Math lessons taught through play often create the most effective exercises for children. Math is no longer just a theory, but becomes a practical application that children want to utilize. Multiple board games are designed to help children develop their math skills but with a little creativity you can develop a brand new game by printing out a blank game board, or transform your child's favorite game into a math lesson. For help with downloading the blank game board, check out these tips.
General Math Concepts
Create a Basic Board Game
Create a basic board game to cover a wealth of math concepts. On a piece of poster board, design the path for the board game and draw in the game squares. On each square write a math problem or designate specific squares to be used for answering questions. Have children roll the die and move the specified number of spaces. If they answer the question on that space correctly, they stay there. If they answer it incorrectly, they go back that number of spaces. You can use virtually any type of math question with this board game. The first child to reach the finish line wins.
Use Trivial Pursuit as a review game at the beginning or end of the school year. Scrap the traditional question cards and categories. Label each color with a different math concept and create a list of problems for each concept. Play the game as you normally would with the new categories and questions. Players will answer questions to earn pie pieces. The first player to collect all of the pie pieces and answer a final question wins the game.
Addition and Subtraction
Chutes and Ladders
In the game of Chutes and Ladders, players start at 1 and attempt to reach 100, using ladders to get ahead and encountering chutes that can set them back. Turn Chutes and Ladders into a math game by adding addition and subtraction problems to the ladders and chutes. Write simple addition and subtraction problems on index cards. If a player lands on a ladder, they must draw a card and solve a problem correctly to move up the ladder. If they land on a chute, they must also draw a card and solve a problem correctly to avoid going down the chute.
Build a Tower
Use Lego, pennies, wooden blocks, popsicle sticks or any basic building material you can find. Have players roll a pair of dice and add the two numbers. The player gets that number in building materials if the dice are added correctly and uses them to build a tower. Go through 10 or 15 rounds. The player with the tallest or most creative tower at the end wins. Instead of rolling dice, you may create a general math board and include a problem on each square.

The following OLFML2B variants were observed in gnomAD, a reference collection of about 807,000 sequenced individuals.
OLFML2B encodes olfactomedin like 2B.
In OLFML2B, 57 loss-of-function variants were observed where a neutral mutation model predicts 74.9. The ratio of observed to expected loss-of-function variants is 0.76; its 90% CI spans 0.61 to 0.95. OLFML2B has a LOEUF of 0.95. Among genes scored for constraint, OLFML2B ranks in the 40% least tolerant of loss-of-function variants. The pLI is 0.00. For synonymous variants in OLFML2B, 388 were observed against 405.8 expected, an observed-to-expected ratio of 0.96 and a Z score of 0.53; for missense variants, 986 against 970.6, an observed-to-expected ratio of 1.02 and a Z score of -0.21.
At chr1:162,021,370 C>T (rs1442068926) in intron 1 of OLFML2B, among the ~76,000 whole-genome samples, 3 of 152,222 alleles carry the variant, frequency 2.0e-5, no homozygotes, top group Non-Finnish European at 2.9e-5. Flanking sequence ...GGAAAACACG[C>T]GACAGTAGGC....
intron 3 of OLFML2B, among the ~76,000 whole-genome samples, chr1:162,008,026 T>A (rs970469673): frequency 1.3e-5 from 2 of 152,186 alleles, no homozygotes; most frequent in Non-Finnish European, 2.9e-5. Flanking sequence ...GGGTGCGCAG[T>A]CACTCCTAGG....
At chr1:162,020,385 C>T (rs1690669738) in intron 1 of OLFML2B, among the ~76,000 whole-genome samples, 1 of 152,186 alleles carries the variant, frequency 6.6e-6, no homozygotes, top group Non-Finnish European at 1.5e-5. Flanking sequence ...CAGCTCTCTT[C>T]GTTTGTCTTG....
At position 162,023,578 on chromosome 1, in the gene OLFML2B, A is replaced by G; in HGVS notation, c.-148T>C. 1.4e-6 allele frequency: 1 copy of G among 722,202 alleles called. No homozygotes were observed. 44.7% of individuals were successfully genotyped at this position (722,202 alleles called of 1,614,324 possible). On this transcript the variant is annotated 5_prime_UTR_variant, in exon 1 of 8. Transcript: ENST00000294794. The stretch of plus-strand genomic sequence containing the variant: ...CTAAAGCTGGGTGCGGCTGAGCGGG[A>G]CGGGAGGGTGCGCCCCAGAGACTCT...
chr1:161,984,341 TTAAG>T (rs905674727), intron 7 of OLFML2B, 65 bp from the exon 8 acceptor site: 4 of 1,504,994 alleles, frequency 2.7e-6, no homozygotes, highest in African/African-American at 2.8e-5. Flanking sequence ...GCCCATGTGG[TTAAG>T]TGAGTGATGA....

Create a game board on a large piece of poster board or cardboard that contains four separate columns with eleven rows each. Decide on a type of multiplication (such as multiplying by 2s) . Then, starting with zero and ending with 10, write a multiplication problem in each row (2x0, 2x1, 2x2, etc.). Each column should contain the same problems. Have four students line up at the bottom of the columns. Start a stopwatch and have students race to see who can correctly solve all of the problems first. Write down each player's finish time, then go back and check the answers. The player to solve all of the problems correctly in the shortest amount of time wins.
Move Up with Multiples
Create rectangular boards with 20 blank squares in a straight line. Assign each player a different number (1 through 10). Roll a pair of dice. If the product of the numbers on the dice is a multiple of a player's number, that player moves up a space. The first player to reach the 20th square on his board wins the game.
Create blank five by five grids and have students fill each square with a possible fraction represented by two dice. Instead of using number balls or chips like a traditional game of Bingo, roll a pair of dice. The lowest number in the roll represents the numerator and the biggest number represents the denominator. Students with that fraction on their grids cross it off. Continue rolling the dice until a student gets five fractions crossed off in a row.
Decorate a Cake
Similar to Bingo, cut white circles from cardstock and draw lines on them to divide them into eight different triangles. Write a different fraction on each triangle. Create index cards with percentages or decimals to represent the fractions on the triangles. Call out the numbers from the cards and have children see if a fraction on their circle card matches the number called out. If it does, they decorate that triangle like a slice of cake. The first student to completely decorate the cake wins.
In the game Hedbanz, players wear a headband with an image on it and must attempt to determine what image is on their heads by asking yes or no questions. Turn it into a geometry game by swapping the game's pictures with index cards containing shapes and angles. Have children ask the questions to determine what shape or angle is on their forehead. You can create your own headbands using construction paper strips instead of buying the game.
Statistics and Probability
Instead of playing the typical game of Trouble, use the Trouble game board for a lesson in statistics and probability. Have players take turns popping the dice in the middle of the board and writing down the numbers that pop up. After popping the dice 10 to 20 times each, ask them to determine which numbers are most likely and least likely to appear.
Creativity Is Key
Nearly all games and tasks have some learning aspect that can be added to them for kids. Board game ideas for math are relatively simple to implement with a little forethought and planning. Depending on the age of the child, different games can teach different concepts and skills. When given the opportunity all children love to learn, especially when learning is made to be fun!